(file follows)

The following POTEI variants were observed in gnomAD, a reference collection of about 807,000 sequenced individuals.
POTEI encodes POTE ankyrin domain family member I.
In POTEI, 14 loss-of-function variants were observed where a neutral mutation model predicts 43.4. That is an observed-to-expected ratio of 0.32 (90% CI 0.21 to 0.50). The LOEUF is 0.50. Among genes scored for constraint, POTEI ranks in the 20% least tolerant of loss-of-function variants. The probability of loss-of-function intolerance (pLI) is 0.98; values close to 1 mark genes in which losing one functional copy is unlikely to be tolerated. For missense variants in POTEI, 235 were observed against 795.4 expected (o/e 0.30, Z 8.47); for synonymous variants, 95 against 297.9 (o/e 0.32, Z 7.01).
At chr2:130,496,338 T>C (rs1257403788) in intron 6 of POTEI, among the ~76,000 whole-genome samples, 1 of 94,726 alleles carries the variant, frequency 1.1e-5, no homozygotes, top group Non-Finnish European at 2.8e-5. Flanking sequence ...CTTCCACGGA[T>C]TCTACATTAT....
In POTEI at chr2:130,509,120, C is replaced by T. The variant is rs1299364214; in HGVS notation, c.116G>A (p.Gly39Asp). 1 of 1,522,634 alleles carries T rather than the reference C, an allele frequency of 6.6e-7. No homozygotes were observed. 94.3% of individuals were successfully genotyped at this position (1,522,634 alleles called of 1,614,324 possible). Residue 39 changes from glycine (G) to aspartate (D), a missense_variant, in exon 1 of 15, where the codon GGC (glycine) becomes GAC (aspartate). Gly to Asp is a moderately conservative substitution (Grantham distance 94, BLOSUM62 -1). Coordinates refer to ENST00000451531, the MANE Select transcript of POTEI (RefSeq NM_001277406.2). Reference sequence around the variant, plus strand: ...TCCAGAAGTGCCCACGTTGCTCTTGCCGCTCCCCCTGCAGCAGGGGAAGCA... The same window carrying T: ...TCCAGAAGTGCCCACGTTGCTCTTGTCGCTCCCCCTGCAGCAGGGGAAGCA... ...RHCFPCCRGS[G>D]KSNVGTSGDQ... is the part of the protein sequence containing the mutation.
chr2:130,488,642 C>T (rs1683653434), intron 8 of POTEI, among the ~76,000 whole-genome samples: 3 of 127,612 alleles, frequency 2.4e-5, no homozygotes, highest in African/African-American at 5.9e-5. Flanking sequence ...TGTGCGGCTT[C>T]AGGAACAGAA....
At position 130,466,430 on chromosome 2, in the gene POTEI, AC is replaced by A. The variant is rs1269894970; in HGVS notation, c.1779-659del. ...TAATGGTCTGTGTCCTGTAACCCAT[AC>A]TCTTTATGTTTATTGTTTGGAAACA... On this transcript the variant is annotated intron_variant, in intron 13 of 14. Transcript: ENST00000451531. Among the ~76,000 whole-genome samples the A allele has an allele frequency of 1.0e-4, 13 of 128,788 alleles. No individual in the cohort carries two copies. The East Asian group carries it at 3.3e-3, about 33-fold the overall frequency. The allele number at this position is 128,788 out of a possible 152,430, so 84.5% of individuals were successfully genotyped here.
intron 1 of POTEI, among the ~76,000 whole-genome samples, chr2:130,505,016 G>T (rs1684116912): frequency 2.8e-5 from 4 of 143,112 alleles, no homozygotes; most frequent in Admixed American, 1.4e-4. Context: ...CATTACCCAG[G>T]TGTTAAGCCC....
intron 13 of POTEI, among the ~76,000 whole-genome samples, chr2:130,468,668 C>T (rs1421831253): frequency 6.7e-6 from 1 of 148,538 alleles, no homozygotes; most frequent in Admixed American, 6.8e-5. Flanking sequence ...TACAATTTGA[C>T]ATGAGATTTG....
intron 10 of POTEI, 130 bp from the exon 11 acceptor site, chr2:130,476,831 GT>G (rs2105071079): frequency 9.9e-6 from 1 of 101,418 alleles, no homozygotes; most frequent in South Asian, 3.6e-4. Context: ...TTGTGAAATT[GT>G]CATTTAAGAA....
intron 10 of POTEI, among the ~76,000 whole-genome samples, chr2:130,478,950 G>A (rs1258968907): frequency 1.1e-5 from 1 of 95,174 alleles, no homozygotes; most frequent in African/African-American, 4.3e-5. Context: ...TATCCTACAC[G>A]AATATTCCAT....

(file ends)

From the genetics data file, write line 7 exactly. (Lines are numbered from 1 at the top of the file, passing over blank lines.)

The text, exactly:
At position 130,466,430 on chromosome 2, in the gene POTEI, AC is replaced by A. The variant is rs1269894970; in HGVS notation, c.1779-659del. ...TAATGGTCTGTGTCCTGTAACCCAT[AC>A]TCTTTATGTTTATTGTTTGGAAACA... On this transcript the variant is annotated intron_variant, in intron 13 of 14. Transcript: ENST00000451531. Among the ~76,000 whole-genome samples the A allele has an allele frequency of 1.0e-4, 13 of 128,788 alleles. No individual in the cohort carries two copies. The East Asian group carries it at 3.3e-3, about 33-fold the overall frequency. The allele number at this position is 128,788 out of a possible 152,430, so 84.5% of individuals were successfully genotyped here.